Linux.com In-Depth: The PHP Project

“The infamous ApacheCon conference is officially underway, and
who better to speak at it then some of the main developers behind
Apache’s most popular module? That’s right, some of the people
behind PHP, Nathan Wallace, Craig Kohtz and Tobias Ratschiller,
will be giving presentations for the next three days on various
topics, including migrating from ASP to PHP and advanced PHP

“According to E-Soft Inc, mod_php has a 5% lead on the FrontPage
module for Apache. Since nearly 1.5 million domains are currently
using PHP, the world has taken notice. PHP took its first steps in
the fall of 1994, when Rasmus Lerdorf created a system to
administrate his online resume. In 1995, the parser was rewritten,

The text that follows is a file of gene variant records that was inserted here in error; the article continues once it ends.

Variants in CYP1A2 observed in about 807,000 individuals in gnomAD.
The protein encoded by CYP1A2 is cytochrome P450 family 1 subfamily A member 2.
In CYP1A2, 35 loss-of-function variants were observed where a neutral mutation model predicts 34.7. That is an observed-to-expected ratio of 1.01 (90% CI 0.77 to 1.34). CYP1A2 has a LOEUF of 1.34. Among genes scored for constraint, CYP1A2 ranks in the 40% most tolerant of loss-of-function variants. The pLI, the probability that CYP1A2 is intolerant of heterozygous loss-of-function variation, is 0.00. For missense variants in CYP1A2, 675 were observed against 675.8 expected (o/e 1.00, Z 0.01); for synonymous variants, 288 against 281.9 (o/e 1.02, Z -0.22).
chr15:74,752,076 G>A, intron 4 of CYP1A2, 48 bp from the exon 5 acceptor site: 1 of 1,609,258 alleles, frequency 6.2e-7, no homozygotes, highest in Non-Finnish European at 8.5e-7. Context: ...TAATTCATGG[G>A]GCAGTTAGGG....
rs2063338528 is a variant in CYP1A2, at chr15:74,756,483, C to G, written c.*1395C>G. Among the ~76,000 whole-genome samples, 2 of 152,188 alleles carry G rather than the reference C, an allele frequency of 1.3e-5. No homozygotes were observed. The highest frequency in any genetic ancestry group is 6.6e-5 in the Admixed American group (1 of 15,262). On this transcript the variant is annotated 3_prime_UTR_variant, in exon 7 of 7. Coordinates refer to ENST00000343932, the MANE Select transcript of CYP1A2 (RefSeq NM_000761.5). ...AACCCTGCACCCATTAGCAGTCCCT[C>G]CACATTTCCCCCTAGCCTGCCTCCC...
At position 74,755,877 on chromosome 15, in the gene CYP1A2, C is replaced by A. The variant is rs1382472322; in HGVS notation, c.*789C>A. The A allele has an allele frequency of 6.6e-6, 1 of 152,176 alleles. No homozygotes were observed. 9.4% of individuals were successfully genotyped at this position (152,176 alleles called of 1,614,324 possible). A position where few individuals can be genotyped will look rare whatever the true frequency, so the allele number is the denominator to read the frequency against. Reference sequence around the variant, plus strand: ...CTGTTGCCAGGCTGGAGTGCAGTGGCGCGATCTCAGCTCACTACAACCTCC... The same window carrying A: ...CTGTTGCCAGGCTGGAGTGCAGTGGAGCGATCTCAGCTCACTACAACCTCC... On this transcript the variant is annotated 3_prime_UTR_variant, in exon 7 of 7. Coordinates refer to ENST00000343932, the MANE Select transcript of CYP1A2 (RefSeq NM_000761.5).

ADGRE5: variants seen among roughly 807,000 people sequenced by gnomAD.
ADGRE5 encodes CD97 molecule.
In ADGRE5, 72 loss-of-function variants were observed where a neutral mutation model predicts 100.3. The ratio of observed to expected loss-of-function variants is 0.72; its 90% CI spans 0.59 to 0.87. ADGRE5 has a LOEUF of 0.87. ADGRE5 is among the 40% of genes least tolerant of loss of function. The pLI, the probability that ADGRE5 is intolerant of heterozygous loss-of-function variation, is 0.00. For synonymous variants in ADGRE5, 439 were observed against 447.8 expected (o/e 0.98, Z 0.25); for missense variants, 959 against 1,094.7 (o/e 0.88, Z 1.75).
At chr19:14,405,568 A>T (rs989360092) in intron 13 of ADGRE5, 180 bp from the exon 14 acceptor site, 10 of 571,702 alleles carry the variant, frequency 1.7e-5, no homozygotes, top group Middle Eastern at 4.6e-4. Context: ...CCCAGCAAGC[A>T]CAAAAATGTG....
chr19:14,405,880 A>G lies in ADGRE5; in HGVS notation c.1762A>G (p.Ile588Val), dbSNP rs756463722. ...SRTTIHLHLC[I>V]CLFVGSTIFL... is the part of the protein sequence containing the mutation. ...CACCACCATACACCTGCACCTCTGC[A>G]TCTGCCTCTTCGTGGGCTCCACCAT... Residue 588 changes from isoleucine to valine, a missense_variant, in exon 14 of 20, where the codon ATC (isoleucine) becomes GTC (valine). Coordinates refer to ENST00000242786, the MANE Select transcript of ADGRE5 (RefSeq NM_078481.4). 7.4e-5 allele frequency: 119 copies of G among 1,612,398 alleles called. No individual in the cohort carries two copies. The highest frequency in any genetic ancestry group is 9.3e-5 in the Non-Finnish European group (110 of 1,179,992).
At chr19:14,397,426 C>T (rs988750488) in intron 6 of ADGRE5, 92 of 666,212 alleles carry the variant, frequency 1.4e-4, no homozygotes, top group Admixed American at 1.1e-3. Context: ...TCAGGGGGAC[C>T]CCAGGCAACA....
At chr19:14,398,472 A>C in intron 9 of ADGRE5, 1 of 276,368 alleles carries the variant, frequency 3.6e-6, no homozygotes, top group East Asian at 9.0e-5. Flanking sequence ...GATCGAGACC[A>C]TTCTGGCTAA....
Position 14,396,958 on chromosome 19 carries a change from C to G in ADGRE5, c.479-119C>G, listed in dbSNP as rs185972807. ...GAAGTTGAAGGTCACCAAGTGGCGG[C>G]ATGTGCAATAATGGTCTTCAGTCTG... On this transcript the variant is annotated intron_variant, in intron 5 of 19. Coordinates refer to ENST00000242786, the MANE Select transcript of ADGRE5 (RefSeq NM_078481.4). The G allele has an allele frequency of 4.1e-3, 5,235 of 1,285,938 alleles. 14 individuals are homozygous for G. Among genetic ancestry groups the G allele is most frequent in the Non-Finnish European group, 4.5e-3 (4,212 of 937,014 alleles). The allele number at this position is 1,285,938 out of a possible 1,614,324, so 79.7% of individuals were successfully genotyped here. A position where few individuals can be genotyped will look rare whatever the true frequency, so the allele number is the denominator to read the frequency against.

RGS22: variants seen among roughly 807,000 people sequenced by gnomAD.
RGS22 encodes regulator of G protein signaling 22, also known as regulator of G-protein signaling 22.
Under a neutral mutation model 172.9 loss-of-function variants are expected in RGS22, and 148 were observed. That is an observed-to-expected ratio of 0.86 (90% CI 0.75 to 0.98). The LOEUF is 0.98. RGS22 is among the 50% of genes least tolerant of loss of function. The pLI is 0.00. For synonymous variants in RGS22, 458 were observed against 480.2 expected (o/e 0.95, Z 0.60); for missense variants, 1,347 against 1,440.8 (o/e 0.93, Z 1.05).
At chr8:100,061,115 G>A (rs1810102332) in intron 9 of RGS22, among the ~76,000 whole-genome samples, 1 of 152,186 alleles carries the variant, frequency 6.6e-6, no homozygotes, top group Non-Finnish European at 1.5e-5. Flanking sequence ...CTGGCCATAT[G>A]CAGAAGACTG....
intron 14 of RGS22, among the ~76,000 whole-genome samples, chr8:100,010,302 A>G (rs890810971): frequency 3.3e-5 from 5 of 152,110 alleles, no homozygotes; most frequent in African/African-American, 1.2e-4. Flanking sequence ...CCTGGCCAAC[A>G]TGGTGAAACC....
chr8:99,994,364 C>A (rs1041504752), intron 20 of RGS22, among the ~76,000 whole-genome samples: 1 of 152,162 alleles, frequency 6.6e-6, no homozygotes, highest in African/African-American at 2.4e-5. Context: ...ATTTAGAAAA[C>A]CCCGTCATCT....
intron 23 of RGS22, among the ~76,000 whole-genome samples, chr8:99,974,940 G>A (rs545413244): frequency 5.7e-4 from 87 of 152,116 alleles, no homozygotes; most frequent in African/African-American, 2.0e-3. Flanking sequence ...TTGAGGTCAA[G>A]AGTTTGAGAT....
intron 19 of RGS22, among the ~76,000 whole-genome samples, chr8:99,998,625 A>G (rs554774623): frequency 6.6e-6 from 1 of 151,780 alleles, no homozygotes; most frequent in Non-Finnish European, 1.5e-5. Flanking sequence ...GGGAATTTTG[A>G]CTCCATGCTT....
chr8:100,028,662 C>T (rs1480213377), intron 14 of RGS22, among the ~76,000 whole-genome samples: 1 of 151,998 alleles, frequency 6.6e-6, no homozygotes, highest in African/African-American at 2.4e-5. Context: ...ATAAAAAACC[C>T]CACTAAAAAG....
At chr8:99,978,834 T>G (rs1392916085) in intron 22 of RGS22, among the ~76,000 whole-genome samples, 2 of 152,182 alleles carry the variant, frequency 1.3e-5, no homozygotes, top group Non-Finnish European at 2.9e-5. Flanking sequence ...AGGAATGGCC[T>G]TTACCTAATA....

a few features were added and PHP 2.0/FI was born. People started
contributing code, and a community quickly enveloped itself around
the language. It was in 1997 that the development of PHP took a
drastic change. The project was no longer Rasmus’ pet project, but
rather a team effort of developers. Two of these developers, Zeev
Suraski and Andi Gutmans, decided to rewrite the language parser
once again, and PHP3 was born.”

“So where is PHP at today? Well, the PHP 3.x generation is still
alive and being updated, though a great deal of attention is being
focused on the beta versions of PHP 4.0. The last PHP3 update was
on February 25, and brings the version up to 3.0.15. The update
brings on several new security features, and it is highly
recommended to upgrade your version if you run PHP in safe mode.
PHP 4.0 is being worked on quite a bit though, so I would expect
few more 3.x releases to become available anytime soon. The big,
high-traffic users of PHP still are sticking to the 3.x releases
though. The lead developer behind Linux.com, Gareth Watts, has
been a fan of PHP since 2.0. Linux.com is currently powered by
version 3.0.14, and everyone is happy with it. ‘It’s lightweight,
reasonably efficient and does exactly what we need it to